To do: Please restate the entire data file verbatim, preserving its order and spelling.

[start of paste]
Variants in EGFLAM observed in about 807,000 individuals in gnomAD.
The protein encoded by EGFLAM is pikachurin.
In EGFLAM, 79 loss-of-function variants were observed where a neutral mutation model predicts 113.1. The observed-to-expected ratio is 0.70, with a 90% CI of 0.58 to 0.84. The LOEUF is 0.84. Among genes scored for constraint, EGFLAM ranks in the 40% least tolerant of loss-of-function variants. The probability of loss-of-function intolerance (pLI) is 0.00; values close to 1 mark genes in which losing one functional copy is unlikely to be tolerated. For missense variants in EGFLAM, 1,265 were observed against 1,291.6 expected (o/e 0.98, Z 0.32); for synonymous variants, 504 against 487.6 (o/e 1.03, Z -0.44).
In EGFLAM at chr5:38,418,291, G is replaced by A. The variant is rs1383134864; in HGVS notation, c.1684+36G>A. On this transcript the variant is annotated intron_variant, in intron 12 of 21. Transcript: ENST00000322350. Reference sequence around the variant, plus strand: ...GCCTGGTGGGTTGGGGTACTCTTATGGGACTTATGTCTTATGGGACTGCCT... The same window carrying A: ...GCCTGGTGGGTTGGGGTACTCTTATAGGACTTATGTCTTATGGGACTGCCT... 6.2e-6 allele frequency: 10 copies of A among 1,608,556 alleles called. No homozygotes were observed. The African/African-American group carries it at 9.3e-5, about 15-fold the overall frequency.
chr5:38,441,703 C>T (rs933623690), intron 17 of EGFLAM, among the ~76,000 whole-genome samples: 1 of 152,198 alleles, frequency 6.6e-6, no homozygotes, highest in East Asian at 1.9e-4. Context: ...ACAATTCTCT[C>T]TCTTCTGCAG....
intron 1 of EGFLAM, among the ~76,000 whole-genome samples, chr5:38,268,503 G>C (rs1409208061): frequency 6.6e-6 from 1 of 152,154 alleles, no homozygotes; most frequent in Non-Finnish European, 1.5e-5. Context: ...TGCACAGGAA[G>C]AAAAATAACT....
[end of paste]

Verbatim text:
Variants in EGFLAM observed in about 807,000 individuals in gnomAD.
The protein encoded by EGFLAM is pikachurin.
In EGFLAM, 79 loss-of-function variants were observed where a neutral mutation model predicts 113.1. The observed-to-expected ratio is 0.70, with a 90% CI of 0.58 to 0.84. The LOEUF is 0.84. Among genes scored for constraint, EGFLAM ranks in the 40% least tolerant of loss-of-function variants. The probability of loss-of-function intolerance (pLI) is 0.00; values close to 1 mark genes in which losing one functional copy is unlikely to be tolerated. For missense variants in EGFLAM, 1,265 were observed against 1,291.6 expected (o/e 0.98, Z 0.32); for synonymous variants, 504 against 487.6 (o/e 1.03, Z -0.44).
In EGFLAM at chr5:38,418,291, G is replaced by A. The variant is rs1383134864; in HGVS notation, c.1684+36G>A. On this transcript the variant is annotated intron_variant, in intron 12 of 21. Transcript: ENST00000322350. Reference sequence around the variant, plus strand: ...GCCTGGTGGGTTGGGGTACTCTTATGGGACTTATGTCTTATGGGACTGCCT... The same window carrying A: ...GCCTGGTGGGTTGGGGTACTCTTATAGGACTTATGTCTTATGGGACTGCCT... 6.2e-6 allele frequency: 10 copies of A among 1,608,556 alleles called. No homozygotes were observed. The African/African-American group carries it at 9.3e-5, about 15-fold the overall frequency.
chr5:38,441,703 C>T (rs933623690), intron 17 of EGFLAM, among the ~76,000 whole-genome samples: 1 of 152,198 alleles, frequency 6.6e-6, no homozygotes, highest in East Asian at 1.9e-4. Context: ...ACAATTCTCT[C>T]TCTTCTGCAG....
intron 1 of EGFLAM, among the ~76,000 whole-genome samples, chr5:38,268,503 G>C (rs1409208061): frequency 6.6e-6 from 1 of 152,154 alleles, no homozygotes; most frequent in Non-Finnish European, 1.5e-5. Context: ...TGCACAGGAA[G>C]AAAAATAACT....